The Diocese of Western Massachusetts is following up on the passage of Resolution B007 at last year’s General Convention, which encourages “shareholder advocacy” to influence the landscape of gun manufacture and retail in the United States.
The Rt Revd Doug Fisher, the Bishop of Western Massachusetts who sponsored the move, is quoted by the Anglican Communion News Service:
Responding to accusations that arms manufacturer Smith and Wesson has refused to meet with young advocates of gun control, the US-based Episcopal Church has purchased shares in its parent company to carry out shareholder advocacy. The Diocese of Western Massachusetts has purchased shares in American Outdoor Brands Corporation (AOBC) after the US-based Episcopal Church lifted its ban on holding gun shares at its General Convention last year. Explaining the move, the Bishop of West Massachusetts, Doug Fisher, said that over the past year, young activists had sought on “three different occasions to engage leadership in conversation about making our communities safer and they’ve been ignored. . . Smith and Wesson can refuse to meet with those wonderful, young people, but it will be much more difficult to refuse a stockholder.”
MassLive reports that the Diocese has purchased 200 shares in AOBC, the parent company of Smith & Wesson.
The shareholder advocacy initiative hopes to build on the success last year of a group of nuns who purchased shares in gun manufacturers in order to demand via shareholder resolutions that companies provide reports on their efforts to increase gun safety and mitigate harm from their products. MassLive has more on the nuns’ story.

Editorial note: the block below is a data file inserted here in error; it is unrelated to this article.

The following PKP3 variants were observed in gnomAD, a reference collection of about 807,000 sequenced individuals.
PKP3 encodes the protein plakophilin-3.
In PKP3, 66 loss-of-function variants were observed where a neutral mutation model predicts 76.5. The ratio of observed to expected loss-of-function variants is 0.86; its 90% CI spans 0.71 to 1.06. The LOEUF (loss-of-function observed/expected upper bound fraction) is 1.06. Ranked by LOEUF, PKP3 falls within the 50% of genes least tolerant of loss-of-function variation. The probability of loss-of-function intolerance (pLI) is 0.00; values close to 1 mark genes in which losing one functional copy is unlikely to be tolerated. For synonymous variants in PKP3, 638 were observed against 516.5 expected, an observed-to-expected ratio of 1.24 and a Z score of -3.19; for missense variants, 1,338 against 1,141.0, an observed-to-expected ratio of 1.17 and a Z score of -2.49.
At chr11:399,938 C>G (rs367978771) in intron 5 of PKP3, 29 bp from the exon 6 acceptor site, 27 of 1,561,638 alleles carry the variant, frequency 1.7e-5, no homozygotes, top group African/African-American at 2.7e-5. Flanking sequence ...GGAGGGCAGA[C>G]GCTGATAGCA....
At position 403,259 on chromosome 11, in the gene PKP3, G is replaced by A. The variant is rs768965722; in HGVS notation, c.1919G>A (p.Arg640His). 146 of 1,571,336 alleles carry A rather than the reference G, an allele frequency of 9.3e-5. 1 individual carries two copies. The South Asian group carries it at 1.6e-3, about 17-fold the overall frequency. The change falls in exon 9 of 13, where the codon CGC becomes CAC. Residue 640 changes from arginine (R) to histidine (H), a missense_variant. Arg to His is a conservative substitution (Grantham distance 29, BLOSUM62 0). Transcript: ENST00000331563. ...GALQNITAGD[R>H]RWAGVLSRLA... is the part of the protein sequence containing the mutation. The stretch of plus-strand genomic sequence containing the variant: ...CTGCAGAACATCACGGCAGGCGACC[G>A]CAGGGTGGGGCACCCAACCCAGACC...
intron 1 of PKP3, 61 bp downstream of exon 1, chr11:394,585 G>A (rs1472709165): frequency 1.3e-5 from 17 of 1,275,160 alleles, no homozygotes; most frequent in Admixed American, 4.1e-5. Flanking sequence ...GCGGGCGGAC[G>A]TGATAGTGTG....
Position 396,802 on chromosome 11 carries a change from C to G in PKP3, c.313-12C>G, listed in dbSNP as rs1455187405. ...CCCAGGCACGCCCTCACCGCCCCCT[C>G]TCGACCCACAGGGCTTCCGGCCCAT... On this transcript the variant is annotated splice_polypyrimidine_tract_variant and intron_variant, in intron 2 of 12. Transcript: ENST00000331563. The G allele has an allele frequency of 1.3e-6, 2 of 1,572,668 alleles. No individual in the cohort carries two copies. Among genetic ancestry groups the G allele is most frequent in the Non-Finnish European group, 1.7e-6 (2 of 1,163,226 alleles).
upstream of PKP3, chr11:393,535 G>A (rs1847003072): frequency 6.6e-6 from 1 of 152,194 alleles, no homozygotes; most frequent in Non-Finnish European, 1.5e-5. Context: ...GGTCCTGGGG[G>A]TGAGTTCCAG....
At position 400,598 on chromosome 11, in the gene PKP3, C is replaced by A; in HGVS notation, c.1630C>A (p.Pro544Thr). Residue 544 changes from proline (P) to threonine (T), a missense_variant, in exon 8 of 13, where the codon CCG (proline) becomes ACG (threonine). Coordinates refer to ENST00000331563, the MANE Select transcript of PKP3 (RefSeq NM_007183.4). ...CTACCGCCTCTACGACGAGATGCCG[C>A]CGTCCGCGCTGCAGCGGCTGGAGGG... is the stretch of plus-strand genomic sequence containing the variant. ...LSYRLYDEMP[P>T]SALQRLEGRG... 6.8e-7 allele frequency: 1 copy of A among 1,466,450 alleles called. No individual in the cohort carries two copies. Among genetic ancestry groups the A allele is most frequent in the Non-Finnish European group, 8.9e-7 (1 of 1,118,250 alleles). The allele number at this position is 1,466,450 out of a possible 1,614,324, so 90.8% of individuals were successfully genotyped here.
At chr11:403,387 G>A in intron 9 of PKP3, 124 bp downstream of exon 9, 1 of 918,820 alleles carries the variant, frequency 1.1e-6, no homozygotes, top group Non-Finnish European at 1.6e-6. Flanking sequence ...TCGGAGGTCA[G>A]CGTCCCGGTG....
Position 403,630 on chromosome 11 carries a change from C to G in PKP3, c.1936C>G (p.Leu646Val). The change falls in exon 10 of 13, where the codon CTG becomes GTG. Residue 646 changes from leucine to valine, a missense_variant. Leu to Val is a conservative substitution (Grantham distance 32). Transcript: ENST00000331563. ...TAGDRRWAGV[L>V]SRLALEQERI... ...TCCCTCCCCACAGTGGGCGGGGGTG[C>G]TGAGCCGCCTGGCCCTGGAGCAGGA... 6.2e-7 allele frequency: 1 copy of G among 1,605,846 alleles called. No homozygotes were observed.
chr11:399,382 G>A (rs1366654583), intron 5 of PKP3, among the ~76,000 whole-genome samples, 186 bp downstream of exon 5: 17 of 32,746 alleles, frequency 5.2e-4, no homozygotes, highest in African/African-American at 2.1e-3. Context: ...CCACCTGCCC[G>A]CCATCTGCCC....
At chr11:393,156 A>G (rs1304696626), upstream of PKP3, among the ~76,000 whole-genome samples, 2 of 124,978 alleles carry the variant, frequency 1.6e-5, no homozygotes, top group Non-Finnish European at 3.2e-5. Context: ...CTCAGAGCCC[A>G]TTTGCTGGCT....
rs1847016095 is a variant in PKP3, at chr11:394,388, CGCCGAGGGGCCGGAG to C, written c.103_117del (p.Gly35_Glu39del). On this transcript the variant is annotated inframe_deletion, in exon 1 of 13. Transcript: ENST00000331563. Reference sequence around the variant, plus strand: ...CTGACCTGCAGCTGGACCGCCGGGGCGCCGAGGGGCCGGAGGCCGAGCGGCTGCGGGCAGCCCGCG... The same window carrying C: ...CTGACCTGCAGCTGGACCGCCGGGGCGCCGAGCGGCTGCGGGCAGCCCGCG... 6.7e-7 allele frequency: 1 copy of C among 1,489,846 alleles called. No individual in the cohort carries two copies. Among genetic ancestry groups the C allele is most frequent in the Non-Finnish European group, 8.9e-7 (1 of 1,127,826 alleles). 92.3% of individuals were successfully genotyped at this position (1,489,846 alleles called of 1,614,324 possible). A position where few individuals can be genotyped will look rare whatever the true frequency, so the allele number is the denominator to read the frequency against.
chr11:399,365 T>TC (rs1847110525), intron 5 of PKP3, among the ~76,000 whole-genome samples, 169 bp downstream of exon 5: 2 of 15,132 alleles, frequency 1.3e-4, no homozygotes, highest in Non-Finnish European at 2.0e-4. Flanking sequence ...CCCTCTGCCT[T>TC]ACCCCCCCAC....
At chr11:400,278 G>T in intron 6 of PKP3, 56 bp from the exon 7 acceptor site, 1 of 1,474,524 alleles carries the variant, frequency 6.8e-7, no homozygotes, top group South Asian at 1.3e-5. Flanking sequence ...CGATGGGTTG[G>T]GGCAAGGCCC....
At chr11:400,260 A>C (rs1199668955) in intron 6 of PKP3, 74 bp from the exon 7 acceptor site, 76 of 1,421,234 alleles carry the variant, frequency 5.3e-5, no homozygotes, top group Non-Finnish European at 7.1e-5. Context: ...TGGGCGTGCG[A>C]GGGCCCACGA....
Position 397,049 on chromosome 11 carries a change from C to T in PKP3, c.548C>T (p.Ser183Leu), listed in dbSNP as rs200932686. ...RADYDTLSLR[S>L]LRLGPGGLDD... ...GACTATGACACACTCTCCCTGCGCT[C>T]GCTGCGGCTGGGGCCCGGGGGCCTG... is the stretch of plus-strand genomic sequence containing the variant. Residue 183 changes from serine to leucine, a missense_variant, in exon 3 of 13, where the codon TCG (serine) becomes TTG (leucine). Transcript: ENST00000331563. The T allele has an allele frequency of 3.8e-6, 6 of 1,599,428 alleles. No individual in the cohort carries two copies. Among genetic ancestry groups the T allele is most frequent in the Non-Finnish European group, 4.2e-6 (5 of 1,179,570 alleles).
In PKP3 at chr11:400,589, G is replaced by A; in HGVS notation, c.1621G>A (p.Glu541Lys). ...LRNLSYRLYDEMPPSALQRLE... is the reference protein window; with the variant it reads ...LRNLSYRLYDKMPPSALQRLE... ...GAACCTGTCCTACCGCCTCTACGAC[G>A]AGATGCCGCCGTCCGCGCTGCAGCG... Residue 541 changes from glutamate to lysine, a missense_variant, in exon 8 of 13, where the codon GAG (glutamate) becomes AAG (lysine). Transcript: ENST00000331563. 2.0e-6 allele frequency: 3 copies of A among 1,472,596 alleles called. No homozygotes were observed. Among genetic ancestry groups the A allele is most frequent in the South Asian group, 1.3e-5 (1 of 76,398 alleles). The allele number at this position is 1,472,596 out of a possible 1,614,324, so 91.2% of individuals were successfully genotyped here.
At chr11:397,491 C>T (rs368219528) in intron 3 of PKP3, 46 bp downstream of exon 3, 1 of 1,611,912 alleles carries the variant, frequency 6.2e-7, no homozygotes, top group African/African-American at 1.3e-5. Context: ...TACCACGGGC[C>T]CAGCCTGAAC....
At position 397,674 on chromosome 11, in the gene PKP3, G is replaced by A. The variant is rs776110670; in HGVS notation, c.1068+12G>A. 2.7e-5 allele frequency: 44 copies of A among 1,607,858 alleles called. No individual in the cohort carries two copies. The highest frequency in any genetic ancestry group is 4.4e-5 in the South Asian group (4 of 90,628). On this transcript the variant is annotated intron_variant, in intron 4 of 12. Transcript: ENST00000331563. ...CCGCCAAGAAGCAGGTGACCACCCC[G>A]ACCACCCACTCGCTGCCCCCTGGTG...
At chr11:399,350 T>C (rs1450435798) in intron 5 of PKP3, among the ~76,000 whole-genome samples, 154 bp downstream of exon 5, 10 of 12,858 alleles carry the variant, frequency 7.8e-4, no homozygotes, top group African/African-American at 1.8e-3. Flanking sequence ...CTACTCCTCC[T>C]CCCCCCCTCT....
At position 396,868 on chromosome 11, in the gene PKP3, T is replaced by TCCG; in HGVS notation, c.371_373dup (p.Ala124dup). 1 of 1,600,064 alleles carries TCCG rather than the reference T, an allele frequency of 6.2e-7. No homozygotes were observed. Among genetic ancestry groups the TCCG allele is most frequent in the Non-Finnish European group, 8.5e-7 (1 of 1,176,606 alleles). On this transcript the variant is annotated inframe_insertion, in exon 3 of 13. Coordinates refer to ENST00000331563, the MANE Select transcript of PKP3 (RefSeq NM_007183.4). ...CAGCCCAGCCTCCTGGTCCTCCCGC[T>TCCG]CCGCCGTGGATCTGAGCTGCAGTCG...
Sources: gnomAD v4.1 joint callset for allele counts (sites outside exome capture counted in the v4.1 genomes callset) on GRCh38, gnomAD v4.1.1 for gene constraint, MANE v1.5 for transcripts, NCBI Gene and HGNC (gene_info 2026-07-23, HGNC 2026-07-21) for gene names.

AOBC opposed the Resolution, and used its report, released last week, in part to push back against the shareholders who brought it, arguing in an Appendix:
Transparency is important when discussing the highly contentious issues related to private firearms ownership. In this respect, AOBC believes that it is not only appropriate, but necessary, to point out for shareholders that Proponent has publicly stated that its primary interest is not shareholder value, but rather to achieve an agenda around guns consistent with the Sandy Hook Principles, if not something more. As reported in Institutional Investor, on August 20, 2018 [link added], organizations including Proponent began purchasing shares of firearm manufacturers and retailers not because they thought these companies were “good investments,” but solely to become “activists.”
The report even objects to the term “gun violence,” arguing that,
Private ownership of firearms is a highly politicized and contentious issue. In such an environment, malleable terms such as “reasonable” can have different meanings to different people. On the extreme end of the opposition, such terms are used to obscure true agendas. Specific terms sometimes are used to craft a narrative in support of those agendas. For example, phrases such as “gun violence” are used to create a perception that the presence of a gun, in itself, somehow creates the conditions for violence.
However, according to ACNS, Bishop Fisher, who is a member of the Episcopal Church’s Bishops United Against Gun Violence, has said,
“We are not against gun manufacturers. We are hoping to engage them in being part of the change we so desperately need.”